Texas Lawmakers to Introduce Border Bill
Two Texas lawmakers say they plan to introduce a bipartisan bill on Tuesday intended to combat the humanitarian crisis at the nation’s southern border and make it easier to send migrant children from Central America back to their home countries.
The legislation is expected to encounter resistance from some congressional Democrats. It comes as the White House has signaled a willingness to work with Republicans to win passage of President Obama’s request for $3.7 billion in emergency funds to confront the surge of Central American migrants into the United States, with a heavy concentration of them in Texas.
The legislation by the two Texas lawmakers — Senator John Cornyn, the chamber’s No. 2 Republican, and Representative Henry Cuellar, a Democrat — would amend a 2008 law intended to stop sex trafficking that grants migrant children from Central America extra legal protections when they cross the border, protections that Mr. Obama has said make it harder to return the children quickly to their home countries.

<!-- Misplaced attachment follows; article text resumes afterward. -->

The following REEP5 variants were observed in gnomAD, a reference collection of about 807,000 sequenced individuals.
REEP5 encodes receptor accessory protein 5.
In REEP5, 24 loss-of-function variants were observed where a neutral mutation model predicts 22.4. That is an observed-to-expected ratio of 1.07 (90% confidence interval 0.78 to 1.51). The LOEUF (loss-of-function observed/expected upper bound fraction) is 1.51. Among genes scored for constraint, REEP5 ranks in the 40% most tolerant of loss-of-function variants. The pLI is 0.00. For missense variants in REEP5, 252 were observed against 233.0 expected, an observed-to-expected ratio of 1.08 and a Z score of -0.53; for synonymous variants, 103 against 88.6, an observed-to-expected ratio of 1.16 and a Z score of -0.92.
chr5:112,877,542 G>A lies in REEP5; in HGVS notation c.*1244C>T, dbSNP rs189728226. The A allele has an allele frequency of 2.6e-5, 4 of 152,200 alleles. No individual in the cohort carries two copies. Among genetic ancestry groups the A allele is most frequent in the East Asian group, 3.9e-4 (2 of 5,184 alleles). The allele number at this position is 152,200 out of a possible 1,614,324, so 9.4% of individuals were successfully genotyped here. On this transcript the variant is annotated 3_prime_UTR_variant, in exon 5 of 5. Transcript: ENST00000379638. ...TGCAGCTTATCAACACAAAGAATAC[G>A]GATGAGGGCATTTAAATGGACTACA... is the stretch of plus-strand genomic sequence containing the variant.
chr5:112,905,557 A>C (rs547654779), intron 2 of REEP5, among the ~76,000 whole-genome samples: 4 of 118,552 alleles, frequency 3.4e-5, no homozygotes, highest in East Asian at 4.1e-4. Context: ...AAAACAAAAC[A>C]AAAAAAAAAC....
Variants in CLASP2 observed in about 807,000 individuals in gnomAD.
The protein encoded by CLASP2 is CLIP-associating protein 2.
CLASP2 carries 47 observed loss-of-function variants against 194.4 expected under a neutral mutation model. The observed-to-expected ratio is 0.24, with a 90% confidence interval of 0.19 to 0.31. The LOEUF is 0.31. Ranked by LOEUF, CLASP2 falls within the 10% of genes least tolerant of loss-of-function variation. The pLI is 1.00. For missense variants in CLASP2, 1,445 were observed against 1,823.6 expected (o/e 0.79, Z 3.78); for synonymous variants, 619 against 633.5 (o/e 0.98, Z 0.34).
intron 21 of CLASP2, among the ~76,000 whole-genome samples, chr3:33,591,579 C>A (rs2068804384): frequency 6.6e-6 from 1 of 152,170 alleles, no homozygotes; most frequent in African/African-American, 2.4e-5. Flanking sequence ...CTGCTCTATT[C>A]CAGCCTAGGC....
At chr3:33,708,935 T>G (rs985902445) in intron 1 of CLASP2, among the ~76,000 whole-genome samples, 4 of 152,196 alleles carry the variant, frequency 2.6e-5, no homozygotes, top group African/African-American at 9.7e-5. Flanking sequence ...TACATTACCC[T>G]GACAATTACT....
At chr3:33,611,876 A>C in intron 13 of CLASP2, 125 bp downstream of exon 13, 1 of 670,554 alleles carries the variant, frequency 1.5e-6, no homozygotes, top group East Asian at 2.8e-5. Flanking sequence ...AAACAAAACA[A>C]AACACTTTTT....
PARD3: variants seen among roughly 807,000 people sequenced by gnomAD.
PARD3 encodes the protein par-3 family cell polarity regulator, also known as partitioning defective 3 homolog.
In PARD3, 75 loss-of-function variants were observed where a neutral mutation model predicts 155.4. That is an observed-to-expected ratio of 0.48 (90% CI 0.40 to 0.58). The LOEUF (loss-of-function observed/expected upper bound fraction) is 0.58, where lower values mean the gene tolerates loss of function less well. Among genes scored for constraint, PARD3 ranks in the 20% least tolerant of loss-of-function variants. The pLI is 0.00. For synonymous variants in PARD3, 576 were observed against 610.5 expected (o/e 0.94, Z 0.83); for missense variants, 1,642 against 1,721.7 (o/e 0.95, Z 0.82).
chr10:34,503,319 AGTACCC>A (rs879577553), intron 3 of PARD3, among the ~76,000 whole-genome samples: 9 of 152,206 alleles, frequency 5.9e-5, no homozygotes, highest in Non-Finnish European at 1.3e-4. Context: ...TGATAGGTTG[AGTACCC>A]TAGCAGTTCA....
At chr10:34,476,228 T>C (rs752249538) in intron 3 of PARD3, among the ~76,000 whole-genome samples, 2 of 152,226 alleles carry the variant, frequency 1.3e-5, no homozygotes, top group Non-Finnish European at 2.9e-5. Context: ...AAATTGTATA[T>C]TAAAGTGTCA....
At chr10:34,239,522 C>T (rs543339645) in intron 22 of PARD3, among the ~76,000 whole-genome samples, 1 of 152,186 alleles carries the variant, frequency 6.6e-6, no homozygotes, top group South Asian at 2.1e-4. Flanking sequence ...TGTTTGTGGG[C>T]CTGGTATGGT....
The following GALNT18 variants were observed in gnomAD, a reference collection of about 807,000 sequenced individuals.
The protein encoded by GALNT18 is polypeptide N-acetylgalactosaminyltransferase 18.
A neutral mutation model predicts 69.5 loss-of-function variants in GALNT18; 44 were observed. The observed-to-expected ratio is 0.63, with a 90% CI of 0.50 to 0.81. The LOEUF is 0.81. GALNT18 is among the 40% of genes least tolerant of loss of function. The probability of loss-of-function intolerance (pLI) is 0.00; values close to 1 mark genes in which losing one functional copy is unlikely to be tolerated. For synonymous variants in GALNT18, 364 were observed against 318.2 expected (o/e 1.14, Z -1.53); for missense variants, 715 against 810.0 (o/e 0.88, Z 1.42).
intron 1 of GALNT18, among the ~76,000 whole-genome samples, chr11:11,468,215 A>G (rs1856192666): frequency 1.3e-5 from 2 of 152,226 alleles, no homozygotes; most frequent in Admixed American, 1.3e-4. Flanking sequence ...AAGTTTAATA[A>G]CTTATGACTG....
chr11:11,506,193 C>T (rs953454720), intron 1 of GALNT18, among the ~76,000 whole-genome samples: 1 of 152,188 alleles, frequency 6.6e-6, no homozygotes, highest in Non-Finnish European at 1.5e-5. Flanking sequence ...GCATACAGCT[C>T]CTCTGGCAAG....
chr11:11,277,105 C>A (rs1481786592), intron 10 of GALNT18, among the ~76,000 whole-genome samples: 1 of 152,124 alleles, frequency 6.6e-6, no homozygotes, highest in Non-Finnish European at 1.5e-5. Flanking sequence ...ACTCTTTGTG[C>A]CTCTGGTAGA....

Though the prospects of a broad immigration overhaul — which passed the Senate with bipartisan support in June 2013 — officially died in the Republican-controlled House this summer, the president’s request for emergency funds to fight what he called “an urgent humanitarian situation” has turned into a partisan proxy fight over the nation’s immigration system.
Republicans have signaled that, at the least, they expect to amend the 2008 law, a move they hope will deter families from sending their children to the United States as it becomes clear that they are likely to be returned home.